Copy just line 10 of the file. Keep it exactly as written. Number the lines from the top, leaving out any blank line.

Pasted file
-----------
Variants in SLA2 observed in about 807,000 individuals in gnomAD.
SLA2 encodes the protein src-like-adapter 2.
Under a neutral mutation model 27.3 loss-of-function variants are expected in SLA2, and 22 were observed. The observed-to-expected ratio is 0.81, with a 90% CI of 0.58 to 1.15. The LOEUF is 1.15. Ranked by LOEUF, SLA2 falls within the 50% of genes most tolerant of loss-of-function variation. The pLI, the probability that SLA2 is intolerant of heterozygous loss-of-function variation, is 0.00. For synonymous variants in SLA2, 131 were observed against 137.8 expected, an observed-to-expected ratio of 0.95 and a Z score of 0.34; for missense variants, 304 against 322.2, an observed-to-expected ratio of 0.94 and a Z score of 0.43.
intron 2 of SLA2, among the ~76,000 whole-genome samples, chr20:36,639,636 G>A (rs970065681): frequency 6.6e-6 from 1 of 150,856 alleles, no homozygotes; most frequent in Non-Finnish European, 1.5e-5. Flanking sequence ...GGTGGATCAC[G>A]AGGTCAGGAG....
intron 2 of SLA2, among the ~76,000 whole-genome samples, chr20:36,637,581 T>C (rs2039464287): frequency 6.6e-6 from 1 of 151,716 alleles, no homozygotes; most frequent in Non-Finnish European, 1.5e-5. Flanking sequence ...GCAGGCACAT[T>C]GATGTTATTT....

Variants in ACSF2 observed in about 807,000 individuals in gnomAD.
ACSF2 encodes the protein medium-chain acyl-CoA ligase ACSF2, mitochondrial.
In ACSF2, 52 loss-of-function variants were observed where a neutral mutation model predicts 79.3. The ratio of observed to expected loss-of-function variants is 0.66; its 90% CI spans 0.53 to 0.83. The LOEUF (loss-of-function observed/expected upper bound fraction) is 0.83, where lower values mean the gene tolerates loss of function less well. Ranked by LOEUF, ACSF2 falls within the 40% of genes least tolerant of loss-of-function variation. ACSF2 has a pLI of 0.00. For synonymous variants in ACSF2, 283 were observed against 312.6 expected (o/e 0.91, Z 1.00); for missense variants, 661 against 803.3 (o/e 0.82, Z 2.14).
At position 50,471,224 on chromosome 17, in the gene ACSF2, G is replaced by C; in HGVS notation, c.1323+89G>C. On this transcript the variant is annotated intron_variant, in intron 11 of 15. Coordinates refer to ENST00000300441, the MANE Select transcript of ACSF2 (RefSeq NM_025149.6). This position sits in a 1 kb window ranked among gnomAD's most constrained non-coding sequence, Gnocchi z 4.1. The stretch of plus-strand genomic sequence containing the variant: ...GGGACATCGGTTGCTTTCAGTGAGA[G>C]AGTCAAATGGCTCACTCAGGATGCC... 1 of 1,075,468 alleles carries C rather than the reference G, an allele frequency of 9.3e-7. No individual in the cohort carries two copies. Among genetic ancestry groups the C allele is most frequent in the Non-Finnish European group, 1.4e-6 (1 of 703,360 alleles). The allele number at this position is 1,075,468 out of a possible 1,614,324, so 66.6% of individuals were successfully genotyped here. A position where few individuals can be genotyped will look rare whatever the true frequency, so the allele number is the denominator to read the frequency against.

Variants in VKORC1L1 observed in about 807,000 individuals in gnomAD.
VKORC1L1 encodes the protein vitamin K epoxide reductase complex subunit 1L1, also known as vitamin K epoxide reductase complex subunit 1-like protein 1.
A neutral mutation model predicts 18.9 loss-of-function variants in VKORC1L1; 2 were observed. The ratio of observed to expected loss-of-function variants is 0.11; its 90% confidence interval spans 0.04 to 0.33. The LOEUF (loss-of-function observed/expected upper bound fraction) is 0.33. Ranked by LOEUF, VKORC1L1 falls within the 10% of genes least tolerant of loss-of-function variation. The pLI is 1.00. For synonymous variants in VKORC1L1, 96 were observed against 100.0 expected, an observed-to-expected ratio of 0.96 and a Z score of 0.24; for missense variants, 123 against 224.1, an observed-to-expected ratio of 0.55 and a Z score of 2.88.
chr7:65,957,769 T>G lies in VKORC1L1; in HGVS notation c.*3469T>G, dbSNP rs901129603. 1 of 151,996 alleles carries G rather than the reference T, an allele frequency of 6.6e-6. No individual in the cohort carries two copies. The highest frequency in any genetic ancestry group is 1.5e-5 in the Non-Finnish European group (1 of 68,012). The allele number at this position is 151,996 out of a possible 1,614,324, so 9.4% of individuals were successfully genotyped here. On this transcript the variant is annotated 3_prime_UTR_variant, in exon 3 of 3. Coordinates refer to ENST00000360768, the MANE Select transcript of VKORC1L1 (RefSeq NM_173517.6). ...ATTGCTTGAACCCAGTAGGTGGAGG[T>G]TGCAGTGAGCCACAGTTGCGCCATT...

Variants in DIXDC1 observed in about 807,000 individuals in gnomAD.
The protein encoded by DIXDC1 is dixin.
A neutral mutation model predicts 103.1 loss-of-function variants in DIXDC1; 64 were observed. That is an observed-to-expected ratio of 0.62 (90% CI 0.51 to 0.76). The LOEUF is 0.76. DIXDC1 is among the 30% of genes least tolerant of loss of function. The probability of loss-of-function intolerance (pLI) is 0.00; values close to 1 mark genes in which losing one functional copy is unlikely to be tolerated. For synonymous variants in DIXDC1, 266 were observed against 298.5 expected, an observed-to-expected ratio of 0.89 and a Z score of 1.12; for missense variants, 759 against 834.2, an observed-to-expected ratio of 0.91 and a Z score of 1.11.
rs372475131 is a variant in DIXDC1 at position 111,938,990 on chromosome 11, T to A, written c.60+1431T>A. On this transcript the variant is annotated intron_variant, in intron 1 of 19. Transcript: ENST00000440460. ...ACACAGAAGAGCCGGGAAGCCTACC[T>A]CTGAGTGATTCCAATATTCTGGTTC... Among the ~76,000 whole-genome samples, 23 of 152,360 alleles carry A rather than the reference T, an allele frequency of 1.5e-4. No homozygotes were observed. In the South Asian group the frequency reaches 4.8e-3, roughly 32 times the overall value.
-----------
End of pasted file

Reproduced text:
Variants in VKORC1L1 observed in about 807,000 individuals in gnomAD.